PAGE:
Asian shares rose Thursday and U.S. futures also were higher after President Joe Biden delivered a speech to Congress that outlined ambitious plans for jobs creating spending on early education, child care and other public services.
Shares rose in Hong Kong, Shanghai, Seoul and Sydney. Bond yields held steady while oil prices advanced.
Benchmarks on Wall Street slipped Wednesday after the Federal Reserve said it is leaving its key interest rate unchanged near zero, while noting recent improvement in the economy.
In his speech Wednesday evening, the president ticked off details of some of his plan for $1.8 trillion in spending to expand preschool, create a national family and medical leave program, distribute child care subsidies and more.
The plan comes on top of his proposal for $2.3 trillion in spending to rebuild roads and bridges, expand broadband access and launch other infrastructure projects.
In Asian trading, markets in Japan were closed for a holiday. Hong Kong's Hang Seng rose 0.6% to 29,231.73 and the Shanghai Composite index picked up 0.2% to 3,463.10. In Seoul, the Kospi gained 0.2% to 3,186.28. Australia's S&P/ASX 200 added 0.4% to 7,090.10.
In its latest policy update, the U.S. central bank left its benchmark short-term rate near zero, where it’s been since the pandemic erupted nearly a year ago, to help keep loan rates down to encourage borrowing and spending. It also said that it would keep buying $120 billion in bonds each month to try to keep longer-term borrowing rates low.
“With no meaningful change to monetary policy or communication, this meeting was simply a message to market participants to sit back and observe as the economic recovery continues to unfold,” said Charlie Ripley, senior investment strategist for Allianz Investment Management.
The yield on the 10-year Treasury, which influences interest rates on mortgages and other consumer loans, eased following the Fed’s statement, slipping to 1.61% from 1.62% late Tuesday.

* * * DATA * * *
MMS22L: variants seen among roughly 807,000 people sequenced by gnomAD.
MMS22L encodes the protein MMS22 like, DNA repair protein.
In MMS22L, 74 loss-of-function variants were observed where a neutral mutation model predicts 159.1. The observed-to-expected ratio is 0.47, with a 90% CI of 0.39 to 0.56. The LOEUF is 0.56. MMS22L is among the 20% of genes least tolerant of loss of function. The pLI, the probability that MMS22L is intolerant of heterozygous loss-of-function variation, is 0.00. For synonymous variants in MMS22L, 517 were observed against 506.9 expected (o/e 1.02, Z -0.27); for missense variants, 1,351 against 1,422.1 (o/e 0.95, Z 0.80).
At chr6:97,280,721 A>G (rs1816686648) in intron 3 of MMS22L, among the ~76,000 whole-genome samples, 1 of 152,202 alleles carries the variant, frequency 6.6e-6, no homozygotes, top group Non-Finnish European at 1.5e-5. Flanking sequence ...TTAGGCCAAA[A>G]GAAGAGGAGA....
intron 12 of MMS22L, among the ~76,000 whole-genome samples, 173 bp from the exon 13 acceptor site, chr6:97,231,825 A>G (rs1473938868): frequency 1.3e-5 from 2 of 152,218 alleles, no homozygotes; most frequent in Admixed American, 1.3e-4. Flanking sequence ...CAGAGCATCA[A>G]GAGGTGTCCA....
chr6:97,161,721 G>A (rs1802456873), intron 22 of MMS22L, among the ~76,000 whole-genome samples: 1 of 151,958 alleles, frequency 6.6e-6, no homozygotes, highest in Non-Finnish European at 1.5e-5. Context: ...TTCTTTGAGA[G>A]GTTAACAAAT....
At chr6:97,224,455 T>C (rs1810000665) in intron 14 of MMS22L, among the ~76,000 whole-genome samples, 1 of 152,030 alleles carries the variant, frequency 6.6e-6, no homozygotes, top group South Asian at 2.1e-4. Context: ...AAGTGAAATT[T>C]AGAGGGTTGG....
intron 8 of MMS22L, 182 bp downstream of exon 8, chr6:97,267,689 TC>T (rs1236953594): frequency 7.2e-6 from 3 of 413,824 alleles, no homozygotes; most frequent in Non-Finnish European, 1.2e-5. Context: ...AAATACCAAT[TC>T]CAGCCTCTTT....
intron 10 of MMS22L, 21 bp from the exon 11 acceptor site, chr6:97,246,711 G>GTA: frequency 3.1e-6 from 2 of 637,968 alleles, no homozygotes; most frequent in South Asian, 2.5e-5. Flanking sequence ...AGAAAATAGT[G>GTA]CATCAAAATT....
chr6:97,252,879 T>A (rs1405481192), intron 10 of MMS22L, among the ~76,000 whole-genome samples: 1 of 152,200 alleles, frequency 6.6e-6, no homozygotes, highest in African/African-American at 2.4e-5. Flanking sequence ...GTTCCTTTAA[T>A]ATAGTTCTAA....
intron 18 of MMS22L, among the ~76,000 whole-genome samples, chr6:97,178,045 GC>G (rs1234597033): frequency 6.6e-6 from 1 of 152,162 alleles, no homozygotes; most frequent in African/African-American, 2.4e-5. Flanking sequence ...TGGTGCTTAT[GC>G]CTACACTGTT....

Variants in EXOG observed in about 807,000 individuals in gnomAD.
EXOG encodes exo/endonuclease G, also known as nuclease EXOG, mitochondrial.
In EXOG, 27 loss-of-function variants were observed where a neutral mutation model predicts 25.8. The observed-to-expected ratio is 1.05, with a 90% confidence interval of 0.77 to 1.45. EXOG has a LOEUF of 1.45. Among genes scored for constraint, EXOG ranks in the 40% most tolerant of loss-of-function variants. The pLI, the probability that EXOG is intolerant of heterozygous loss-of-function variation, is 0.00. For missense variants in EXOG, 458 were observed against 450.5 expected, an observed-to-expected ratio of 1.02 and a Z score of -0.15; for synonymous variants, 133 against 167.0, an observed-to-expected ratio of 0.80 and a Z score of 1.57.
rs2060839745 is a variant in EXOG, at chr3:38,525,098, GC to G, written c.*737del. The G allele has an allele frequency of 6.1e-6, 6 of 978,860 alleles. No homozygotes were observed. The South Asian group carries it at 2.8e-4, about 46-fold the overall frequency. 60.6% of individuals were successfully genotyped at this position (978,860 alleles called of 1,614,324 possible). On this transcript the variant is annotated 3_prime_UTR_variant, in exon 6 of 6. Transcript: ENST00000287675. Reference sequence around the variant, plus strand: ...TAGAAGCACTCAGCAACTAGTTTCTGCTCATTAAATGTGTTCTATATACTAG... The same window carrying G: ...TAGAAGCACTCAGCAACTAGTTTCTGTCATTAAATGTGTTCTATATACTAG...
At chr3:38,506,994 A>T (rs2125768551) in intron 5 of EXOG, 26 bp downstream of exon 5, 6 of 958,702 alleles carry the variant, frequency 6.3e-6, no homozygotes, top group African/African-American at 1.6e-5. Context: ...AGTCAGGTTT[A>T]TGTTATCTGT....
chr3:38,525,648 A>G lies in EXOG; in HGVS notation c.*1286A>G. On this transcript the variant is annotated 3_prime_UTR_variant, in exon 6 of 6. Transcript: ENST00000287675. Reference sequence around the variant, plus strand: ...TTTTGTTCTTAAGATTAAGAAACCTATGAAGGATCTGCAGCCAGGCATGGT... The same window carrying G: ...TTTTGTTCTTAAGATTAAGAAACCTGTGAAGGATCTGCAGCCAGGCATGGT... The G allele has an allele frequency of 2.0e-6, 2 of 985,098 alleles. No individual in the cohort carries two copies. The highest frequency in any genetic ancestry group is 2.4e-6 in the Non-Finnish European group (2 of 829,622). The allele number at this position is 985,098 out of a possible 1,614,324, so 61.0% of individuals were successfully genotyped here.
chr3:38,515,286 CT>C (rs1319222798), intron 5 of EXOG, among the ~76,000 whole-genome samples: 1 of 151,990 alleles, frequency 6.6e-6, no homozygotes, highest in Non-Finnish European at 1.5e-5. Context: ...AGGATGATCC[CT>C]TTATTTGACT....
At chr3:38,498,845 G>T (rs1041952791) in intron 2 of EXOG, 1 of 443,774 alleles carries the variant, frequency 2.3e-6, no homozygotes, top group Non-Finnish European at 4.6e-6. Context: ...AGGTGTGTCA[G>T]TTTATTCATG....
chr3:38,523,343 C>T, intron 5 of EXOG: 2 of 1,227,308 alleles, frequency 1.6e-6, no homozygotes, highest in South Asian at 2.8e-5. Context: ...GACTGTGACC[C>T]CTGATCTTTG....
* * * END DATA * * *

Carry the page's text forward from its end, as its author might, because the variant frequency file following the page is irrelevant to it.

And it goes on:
Stocks initially got a bump following the 2 p.m. Eastern release of the Fed’s statement.
The S&P 500 dropped 3.54 points to 4,183.18. The benchmark index hit an all-time high on Monday. The Dow Jones Industrial Average lost 0.5%, to 33,820.38. The tech-heavy Nasdaq gave up 0.3% to 14,051.03.
Smaller company stocks fared better than the bigger companies. The Russell 2000 index rose 0.1%, to 2,304.16.
Wall Street has been mostly grinding higher in recent weeks, pushing stock indexes to record highs, as the rollout of COVID-19 vaccinations, massive support from the U.S. government and the Fed, and a string of encouraging economic data fuel expectations for a stronger economy and solid corporate profit growth this year.
The expectations for a strong rebound, and rising prices for oil, lumber and other commodities, have also spurred concerns over inflation and the prospects for higher interest rates. Those worries have helped fuel a rapid rise in bond yields from where they were at the start of the year.
In its remarks, the Fed noted that the economy and job market have “strengthened." And, while it acknowledged that inflation has risen, the central bank said it sees the increase as transitory. Fed officials have said they want to see inflation exceed their 2% annual inflation target before they’d consider raising rates.
Investors also focused Wednesday on corporate earnings, with dozens of companies reporting their quarterly results.
Google's parent company, Alphabet, rose 3% after it said its profits doubled from a year earlier, helped by a surge of digital advertising revenue as more Americans shopped online during the pandemic. Visa rose 1.5% after reporting solid financial results.
Google's solid gains helped send communications stocks higher. Oil prices rose and boosted energy company stocks. Those gains were offset by a downturn in technology and health care companies.
Investors punished several other companies that came up short with their most recent financial results. Boeing slipped 2.9%, while Spotify sank 12.3% after the music streaming company announced that subscriber growth had slowed more than expected.
Biotechnology company Amgen was among the biggest losers. It fell 7.2% after its first-quarter profits and revenue fell short of analysts' forecasts.
Facebook rose 5.5% in after-hours trading following the release of its latest earnings after the closing bell. Apple added 3.3% in extended trading after the company’s profit soared in its latest quarter on higher iPhone sales.
In other trading, benchmark U.S. crude oil rose 19 cents to $64.05 per barrel in electronic trading on the New York Mercantile Exchange. It gained 92 cents to $63.86 on Wednesday. Brent crude, the international standard, advanced 23 cents to $67.01 per barrel.
The U.S. dollar rose to 108.65 Japanese yen from 108.61 yen. The euro slipped to $1.2127 from $1.2128.
AP Business writers Alex Veiga and Damian J. Troise contributed.